Impact of nurses industrial action 'could be dire'
MANY operations at the hospital could be suspended, services disrupted, and vulnerable patients in the community left isolated if an industrial action by nurses goes ahead.
The President of Health & Social Care Deputy Heidi Soulsby has said the ongoing pay dispute is risking the continuity of health care provision and is having a big impact on the morale of the workforce.
She has written to Policy & Resources - which acts as employer for the States - urging them to stop dragging their feet because the consequences could be dire.
'Depending on the nature and duration, it is likely that HSC would have to consider suspending elective operations and other procedures in order to reduce the reduced nursing capacity to care for the acutely unwell patients within the hospital.
'Nursing within the community would also be significantly reduced, requiring care packages to some of the most vulnerable within our our community being reduced or re-prioritised.'
Nurses in the Royal College of Nursing union are campaigning for a 10% pay rise under the banner of 'equal pay for work of equal value' because they feel that there is disparity between their pay and the salaries of other comparable roles within the public sector.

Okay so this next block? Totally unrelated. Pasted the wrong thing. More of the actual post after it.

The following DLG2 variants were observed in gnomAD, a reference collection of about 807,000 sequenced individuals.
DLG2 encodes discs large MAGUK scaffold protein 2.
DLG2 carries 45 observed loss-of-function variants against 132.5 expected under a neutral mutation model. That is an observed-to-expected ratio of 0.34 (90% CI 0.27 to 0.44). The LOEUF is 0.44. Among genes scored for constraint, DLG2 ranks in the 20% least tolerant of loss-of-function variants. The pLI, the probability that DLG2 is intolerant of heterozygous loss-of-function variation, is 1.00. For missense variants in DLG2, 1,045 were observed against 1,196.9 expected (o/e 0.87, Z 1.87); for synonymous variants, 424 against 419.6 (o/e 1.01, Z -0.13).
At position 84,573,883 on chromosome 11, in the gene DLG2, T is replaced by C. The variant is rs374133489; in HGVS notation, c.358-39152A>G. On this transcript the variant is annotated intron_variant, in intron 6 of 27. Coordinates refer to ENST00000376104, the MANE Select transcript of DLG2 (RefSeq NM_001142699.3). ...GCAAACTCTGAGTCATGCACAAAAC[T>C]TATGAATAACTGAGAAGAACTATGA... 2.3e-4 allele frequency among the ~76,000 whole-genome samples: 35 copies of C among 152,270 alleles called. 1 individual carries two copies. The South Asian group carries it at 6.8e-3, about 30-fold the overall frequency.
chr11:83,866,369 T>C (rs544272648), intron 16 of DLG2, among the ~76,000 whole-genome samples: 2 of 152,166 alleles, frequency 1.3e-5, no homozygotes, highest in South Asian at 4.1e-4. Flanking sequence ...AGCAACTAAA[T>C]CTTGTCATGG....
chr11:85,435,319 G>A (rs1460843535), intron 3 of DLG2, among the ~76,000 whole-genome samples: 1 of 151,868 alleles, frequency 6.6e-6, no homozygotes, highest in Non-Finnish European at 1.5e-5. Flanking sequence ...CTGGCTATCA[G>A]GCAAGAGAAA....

The profession has become increasingly technical and complex and requires a three year degree, and some senior roles also need a master's degree on top of that.
These nurses say they are fed up with a lack of action from P&R and they are threatening to strike if their demands are not met.
HSC is neither condoning, nor condemning, the taking of industrial action, but it is highlighting that action has the potential to be incredibly damaging and costly.
Deputy Soulsby states in her letter that clear political leadership is needed from P&R.
'Recent work commissioned highlighted a strong dissatisfaction across the Agenda for Change workforce in respect of pay, in particular in the context of the local cost of living and comparisons to other staff groups.
'Concern regarding pay and conditions for the nursing profession is far from unique to Guernsey but it is of significance that local Agenda for Change staff are markedly more dissatisfied with pay than their NHS counterparts.'
In a statement a spokesperson for P&R said that an above inflation 5% pay increase had now been accepted by the Unite and Prospect unions, and there was continuing dialogue with other unions in order to find a resolution.
P&R reiterated its commitment towards achieving the objective of equal pay for work of equal value, but stressed that this principle needed to be applied to all States of Guernsey employees and could not be taken in isolation for one group.